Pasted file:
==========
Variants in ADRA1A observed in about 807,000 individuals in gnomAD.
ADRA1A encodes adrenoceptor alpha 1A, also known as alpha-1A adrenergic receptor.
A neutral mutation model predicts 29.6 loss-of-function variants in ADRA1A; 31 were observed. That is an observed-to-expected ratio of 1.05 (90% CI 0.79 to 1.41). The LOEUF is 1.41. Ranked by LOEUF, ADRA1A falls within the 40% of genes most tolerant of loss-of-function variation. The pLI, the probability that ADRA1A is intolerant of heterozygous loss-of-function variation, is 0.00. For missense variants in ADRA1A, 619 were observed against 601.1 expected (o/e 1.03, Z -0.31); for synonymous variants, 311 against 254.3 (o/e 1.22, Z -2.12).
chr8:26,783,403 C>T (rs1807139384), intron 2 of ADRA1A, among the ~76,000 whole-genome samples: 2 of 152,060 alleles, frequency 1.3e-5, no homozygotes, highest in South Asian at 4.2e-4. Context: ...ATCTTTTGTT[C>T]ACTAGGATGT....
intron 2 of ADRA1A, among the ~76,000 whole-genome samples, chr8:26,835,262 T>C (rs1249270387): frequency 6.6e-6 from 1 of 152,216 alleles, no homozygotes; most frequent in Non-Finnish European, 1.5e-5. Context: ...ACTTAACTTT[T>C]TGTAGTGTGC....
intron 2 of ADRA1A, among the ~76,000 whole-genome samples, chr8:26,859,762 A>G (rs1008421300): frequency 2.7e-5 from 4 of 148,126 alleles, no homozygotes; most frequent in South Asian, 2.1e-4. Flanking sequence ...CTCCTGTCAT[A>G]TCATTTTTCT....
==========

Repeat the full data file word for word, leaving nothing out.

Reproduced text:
Variants in ADRA1A observed in about 807,000 individuals in gnomAD.
ADRA1A encodes adrenoceptor alpha 1A, also known as alpha-1A adrenergic receptor.
A neutral mutation model predicts 29.6 loss-of-function variants in ADRA1A; 31 were observed. That is an observed-to-expected ratio of 1.05 (90% CI 0.79 to 1.41). The LOEUF is 1.41. Ranked by LOEUF, ADRA1A falls within the 40% of genes most tolerant of loss-of-function variation. The pLI, the probability that ADRA1A is intolerant of heterozygous loss-of-function variation, is 0.00. For missense variants in ADRA1A, 619 were observed against 601.1 expected (o/e 1.03, Z -0.31); for synonymous variants, 311 against 254.3 (o/e 1.22, Z -2.12).
chr8:26,783,403 C>T (rs1807139384), intron 2 of ADRA1A, among the ~76,000 whole-genome samples: 2 of 152,060 alleles, frequency 1.3e-5, no homozygotes, highest in South Asian at 4.2e-4. Context: ...ATCTTTTGTT[C>T]ACTAGGATGT....
intron 2 of ADRA1A, among the ~76,000 whole-genome samples, chr8:26,835,262 T>C (rs1249270387): frequency 6.6e-6 from 1 of 152,216 alleles, no homozygotes; most frequent in Non-Finnish European, 1.5e-5. Context: ...ACTTAACTTT[T>C]TGTAGTGTGC....
intron 2 of ADRA1A, among the ~76,000 whole-genome samples, chr8:26,859,762 A>G (rs1008421300): frequency 2.7e-5 from 4 of 148,126 alleles, no homozygotes; most frequent in South Asian, 2.1e-4. Flanking sequence ...CTCCTGTCAT[A>G]TCATTTTTCT....